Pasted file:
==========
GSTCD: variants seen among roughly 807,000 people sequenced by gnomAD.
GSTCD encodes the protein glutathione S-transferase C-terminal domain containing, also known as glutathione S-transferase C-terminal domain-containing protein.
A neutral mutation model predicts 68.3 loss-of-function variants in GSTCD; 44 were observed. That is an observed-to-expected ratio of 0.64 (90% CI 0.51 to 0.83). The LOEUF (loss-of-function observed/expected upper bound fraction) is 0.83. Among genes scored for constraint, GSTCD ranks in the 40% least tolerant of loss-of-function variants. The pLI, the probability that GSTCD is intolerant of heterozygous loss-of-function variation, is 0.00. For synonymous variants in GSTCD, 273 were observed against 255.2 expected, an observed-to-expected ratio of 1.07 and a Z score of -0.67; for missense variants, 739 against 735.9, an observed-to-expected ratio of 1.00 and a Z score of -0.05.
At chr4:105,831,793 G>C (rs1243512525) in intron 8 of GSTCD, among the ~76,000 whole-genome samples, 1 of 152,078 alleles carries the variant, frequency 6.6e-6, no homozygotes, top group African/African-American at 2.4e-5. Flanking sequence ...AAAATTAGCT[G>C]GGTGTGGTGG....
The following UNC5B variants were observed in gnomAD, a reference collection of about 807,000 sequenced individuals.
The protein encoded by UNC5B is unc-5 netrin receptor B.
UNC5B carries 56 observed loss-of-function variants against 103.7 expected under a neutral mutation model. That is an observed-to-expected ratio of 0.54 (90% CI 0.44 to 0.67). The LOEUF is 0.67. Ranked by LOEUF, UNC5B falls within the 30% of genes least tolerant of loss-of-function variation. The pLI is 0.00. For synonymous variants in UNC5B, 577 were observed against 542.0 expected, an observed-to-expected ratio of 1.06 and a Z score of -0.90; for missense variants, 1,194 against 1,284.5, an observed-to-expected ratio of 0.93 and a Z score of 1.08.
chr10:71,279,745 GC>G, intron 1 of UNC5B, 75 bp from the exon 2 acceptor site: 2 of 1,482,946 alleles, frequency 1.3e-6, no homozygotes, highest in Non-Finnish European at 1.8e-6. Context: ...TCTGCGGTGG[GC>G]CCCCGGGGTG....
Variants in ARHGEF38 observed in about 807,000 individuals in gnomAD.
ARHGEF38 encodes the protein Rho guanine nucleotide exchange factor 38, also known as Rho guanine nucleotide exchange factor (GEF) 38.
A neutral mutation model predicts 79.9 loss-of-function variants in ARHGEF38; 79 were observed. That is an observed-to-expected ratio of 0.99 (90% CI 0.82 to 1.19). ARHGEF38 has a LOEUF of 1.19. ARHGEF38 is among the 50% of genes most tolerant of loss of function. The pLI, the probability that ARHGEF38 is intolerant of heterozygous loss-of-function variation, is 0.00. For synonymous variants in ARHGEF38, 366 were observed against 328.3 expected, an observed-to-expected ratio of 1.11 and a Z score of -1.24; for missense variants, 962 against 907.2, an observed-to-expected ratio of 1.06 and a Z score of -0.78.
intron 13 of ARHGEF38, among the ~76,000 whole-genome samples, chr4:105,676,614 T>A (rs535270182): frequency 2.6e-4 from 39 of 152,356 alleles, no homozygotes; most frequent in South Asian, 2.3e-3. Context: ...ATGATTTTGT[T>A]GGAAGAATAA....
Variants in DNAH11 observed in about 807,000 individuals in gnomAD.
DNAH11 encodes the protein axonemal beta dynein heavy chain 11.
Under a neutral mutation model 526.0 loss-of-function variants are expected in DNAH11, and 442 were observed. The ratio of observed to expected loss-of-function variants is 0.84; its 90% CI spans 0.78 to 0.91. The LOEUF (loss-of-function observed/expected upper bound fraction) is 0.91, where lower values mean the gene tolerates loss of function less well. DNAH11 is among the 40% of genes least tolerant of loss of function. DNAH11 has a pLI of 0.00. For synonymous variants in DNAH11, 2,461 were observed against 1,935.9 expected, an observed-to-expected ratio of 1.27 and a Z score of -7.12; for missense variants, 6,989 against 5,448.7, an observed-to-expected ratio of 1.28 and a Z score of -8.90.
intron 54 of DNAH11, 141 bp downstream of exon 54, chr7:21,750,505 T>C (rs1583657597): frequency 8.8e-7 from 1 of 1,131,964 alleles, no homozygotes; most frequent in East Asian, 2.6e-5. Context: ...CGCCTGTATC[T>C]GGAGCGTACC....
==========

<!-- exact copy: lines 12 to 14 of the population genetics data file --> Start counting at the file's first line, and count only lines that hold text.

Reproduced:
intron 13 of ARHGEF38, among the ~76,000 whole-genome samples, chr4:105,676,614 T>A (rs535270182): frequency 2.6e-4 from 39 of 152,356 alleles, no homozygotes; most frequent in South Asian, 2.3e-3. Context: ...ATGATTTTGT[T>A]GGAAGAATAA....
Variants in DNAH11 observed in about 807,000 individuals in gnomAD.
DNAH11 encodes the protein axonemal beta dynein heavy chain 11.